The nursing home setting also raised problems for the depiction of the ‘Rude Mechanicals’. In Shakespeare, these working class figures gather to put on a play to celebrate Theseus and Hippolyta’s wedding day and their adventures are the comic highlights of the play. In the Abbey production, the Mechanicals comprised a motley crew: Bottom was an orderly; Snug was a painter decorating the home; Snout and Flute were patients; and Quince’s connection to the care home was uncertain. Why such a group would form an impromptu playing company was unclear. The Mechanicals’ play, and the harsh response to it, might have been part of the elder abuse hinted at earlier in the production, in Egeus’ treatment of his mother, but the logic of it could have been better explained. ‘The most lamentable comedy and most cruel death of Pyramus and Thisbe’ could have been presented, for instance, as an activity for seniors, like the dance sequence that opened the play. In the Mechanicals’ concluding dance, the incongruity of seeing seniors rave was initially comic but then, as it stretched on, simply awkward – perhaps this was the point.
In its stage design, the Abbey’s Dream clearly drew inspiration from Peter Brook’s seminal production of the play for the RSC in 1970. Although large saffron yellow curtains were used in places, the care home set was essentially a brightly-lit white box. Against the white background, the colours of the costumes popped: some patients wore pastel blues and greens that linked them to the furniture and medical scrubs of their carers, while, for their nocturnal wanderings, Demetrius donned a yellow suit and Lysander sported flower-patterned pants.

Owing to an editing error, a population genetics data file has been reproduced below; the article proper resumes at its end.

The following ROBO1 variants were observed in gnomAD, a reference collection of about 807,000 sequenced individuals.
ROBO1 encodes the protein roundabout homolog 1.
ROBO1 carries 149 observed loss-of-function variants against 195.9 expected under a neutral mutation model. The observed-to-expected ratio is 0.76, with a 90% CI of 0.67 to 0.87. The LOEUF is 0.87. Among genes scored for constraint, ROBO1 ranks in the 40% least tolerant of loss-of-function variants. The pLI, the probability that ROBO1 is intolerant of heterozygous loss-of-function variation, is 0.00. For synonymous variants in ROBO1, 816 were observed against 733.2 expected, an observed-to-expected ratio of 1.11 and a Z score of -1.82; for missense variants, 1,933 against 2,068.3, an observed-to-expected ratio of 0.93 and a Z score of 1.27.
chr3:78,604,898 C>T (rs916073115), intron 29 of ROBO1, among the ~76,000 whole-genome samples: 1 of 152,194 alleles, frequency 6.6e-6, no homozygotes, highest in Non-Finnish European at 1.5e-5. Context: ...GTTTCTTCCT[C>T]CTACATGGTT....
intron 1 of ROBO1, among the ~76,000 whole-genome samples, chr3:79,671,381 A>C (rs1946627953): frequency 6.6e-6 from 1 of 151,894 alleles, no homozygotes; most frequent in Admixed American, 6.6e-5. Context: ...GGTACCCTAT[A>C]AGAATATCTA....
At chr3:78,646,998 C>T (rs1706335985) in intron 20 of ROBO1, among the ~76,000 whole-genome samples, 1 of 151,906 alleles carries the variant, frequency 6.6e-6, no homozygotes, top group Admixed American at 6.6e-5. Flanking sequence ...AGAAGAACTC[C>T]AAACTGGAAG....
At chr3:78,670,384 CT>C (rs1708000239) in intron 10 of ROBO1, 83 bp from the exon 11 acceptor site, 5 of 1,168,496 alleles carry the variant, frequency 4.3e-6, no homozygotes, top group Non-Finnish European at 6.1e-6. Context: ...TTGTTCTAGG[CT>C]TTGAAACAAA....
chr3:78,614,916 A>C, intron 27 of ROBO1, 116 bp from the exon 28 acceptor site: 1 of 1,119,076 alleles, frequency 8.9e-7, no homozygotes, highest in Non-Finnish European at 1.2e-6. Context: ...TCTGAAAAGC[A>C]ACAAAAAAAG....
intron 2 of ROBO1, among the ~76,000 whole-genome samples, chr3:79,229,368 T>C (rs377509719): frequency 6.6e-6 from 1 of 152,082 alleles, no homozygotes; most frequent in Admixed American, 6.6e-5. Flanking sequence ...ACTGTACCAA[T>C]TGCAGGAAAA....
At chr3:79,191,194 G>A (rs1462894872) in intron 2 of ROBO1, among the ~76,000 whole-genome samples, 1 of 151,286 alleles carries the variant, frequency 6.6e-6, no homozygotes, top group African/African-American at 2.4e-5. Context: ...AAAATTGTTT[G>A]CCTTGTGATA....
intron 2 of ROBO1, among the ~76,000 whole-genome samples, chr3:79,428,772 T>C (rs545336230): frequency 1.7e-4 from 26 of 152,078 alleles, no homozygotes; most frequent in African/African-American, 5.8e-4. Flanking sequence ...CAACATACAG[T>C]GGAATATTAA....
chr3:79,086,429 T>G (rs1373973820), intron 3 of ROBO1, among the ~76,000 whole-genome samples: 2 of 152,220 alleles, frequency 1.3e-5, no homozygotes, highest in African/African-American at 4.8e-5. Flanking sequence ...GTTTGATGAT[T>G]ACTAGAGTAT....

At several points throughout the production, the characters recited various Shakespearean sonnets. While these added little to the play, they did give some characters a firmer voice; Cobweb, for instance, was a dejected hospital inmate by day but in the forest spoke eloquently to the audience. Of particular note was the decision to add lines in modern English to gloss Shakespeare’s words which suggests that there was a fear that Dream would not be understood, or, that the audience would not find it funny. Overall, the glosses proved distracting and were redundant. For instance, the fine performances of the actors meant that having a drug-addled Lysander shout at Hermia “Didn’t you figure out that I left you because I don’t love you?” was unnecessary. In considering the Abbey’s Dream as a whole, its innovations and its shortcomings, Puck’s epilogue springs to mind; the production certainly has some failings to “reprehend”, but there is much of interest and originality in its treatment of the play’s “weak and idle theme”.
– Dr. Edel Semple, University College Cork.